Is CHED’s suspension of classes in private HEIs taking cue from Palace’s order binding and legal?

Oct. 20, 2017

DAVAO DEL NORTE, Philippines—When Malacañang ordered the suspension of classes due to the transport strike, the Commission of Higher Education also ordered the suspension of classes in private higher educational institutions (HEIs) across the country.

But was CHED’s order legal and binding?

Atty. Joseph Noel Estrada, legal counsel of the Catholic Educational Association of the Philippines said on Thursday, October 19 “the government, through CHED, cannot suspend its operations and go beyond the powers of the governing board of the private HEI.”

Estrada was reacting on CHED Commissioner Prospero E. De Vera III’s post via Facebook, echoing the Palace’s order that classes in private and public HEIs were suspended because of the strike staged by transport groups.

“As announced by the Executive Secretary Salvador Medialdea, all classes in public and private higher education institutions (HEIs) will remain suspended tomorrow, October 17,2017, Tuesday to ensure the continued safety, security and welfare of our students, faculty and staff,” De Vera said in his Facebook post on Monday, October 16.

However, Estrada said “the suspension of classes in all private HEIs by CHED on Oct. 16 and Oct. 17, 2017 is ultra vires (or transcending authority), and therefore illegal and has no binding effect.” He said “as private institutions, private HEIs are not subject to government control.”

“This is true to all private HEIs and not only those autonomous and deregulated,” Estrada told Davao Today.

He said private HEIs have constitutionally guaranteed academic freedom recognizing their right to reasonable regulation.

With this, he also branded the suspension of classes in private HEIs as “undue and unreasonable regulation,” pointing out that transport strike and possible inclement weather do not justify automatic suspension of classes in HEIs.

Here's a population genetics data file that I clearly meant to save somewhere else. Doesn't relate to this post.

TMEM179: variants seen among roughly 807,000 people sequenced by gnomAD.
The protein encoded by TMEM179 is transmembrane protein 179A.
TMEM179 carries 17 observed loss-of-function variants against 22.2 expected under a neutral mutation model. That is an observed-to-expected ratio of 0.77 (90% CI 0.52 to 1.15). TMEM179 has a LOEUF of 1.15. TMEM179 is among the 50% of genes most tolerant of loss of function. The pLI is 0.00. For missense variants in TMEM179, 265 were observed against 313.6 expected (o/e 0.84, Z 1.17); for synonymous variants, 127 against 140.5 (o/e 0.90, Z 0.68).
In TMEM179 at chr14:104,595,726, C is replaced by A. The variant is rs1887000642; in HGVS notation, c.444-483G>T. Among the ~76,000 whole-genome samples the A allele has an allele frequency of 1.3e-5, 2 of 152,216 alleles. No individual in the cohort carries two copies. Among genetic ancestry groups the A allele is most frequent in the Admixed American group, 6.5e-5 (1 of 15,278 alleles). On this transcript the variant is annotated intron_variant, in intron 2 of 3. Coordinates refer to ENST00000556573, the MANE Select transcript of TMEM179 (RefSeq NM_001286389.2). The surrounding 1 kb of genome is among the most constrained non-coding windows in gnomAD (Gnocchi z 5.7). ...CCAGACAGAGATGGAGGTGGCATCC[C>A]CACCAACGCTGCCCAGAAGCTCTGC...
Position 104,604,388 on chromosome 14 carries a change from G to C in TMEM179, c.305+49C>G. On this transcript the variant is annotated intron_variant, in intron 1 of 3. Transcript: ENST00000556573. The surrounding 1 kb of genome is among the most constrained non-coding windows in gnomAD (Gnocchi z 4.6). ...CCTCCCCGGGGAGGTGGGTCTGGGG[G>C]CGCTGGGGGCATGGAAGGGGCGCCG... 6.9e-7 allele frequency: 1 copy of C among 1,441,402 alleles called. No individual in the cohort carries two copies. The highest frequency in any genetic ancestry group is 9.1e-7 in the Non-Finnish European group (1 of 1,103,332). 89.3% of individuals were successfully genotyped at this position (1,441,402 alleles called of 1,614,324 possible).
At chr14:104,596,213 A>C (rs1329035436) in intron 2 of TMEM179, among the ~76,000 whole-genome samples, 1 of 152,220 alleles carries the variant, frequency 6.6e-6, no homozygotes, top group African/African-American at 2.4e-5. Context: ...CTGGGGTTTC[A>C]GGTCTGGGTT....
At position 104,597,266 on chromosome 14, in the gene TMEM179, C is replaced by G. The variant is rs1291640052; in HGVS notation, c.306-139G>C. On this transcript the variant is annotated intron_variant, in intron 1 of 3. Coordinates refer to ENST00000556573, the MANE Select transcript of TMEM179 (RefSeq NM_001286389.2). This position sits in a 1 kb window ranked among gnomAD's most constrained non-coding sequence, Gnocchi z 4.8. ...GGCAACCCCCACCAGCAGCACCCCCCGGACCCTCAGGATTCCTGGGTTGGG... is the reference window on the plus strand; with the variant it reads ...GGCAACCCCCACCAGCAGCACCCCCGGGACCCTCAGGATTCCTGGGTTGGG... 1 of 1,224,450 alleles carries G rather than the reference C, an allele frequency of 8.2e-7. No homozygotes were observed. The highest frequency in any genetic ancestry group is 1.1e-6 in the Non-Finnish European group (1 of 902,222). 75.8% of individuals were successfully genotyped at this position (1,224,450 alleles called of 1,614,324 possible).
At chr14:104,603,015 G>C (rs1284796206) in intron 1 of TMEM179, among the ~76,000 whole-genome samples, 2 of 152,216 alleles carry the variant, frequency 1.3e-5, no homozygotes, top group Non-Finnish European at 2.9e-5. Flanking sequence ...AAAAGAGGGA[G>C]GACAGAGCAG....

Automatic suspension applies only when there is typhoon signal no. 3 as contained in Executive Order 66, series of 2012 which simply emphasized that CHED does not suspend classes, he said.

As practiced, CHED defers to local government officials the decision on whether to suspend or cancel classes at the college level especially in times of typhoons or natural disasters.

Even CHED Memorandum No. 34, series of 2010 as amended by CMO 15, series of 2012, as matter of policy, Estrada said, CHED does not have the power to suspend classes for colleges and universities.

“In fact, nowhere in the CHED law (RA 7722) you will find basis for CHED to suspend classes in the private HEIs. This right clearly belongs to the administration of private HEIs,” said Estrada.

He added that the only time that the government can suspend classes in private HEIs is provided under Executive Order (EO) No. 66 Series of 2012, Section 3.

Under EO 66, classes in all levels in both public and private schools, as well as work in government offices, may be cancelled or suspended in areas affected by disasters or calamities other than typhoons upon the declaration by the President of a State of Calamity based on the recommendation of the government’s national disaster body.(

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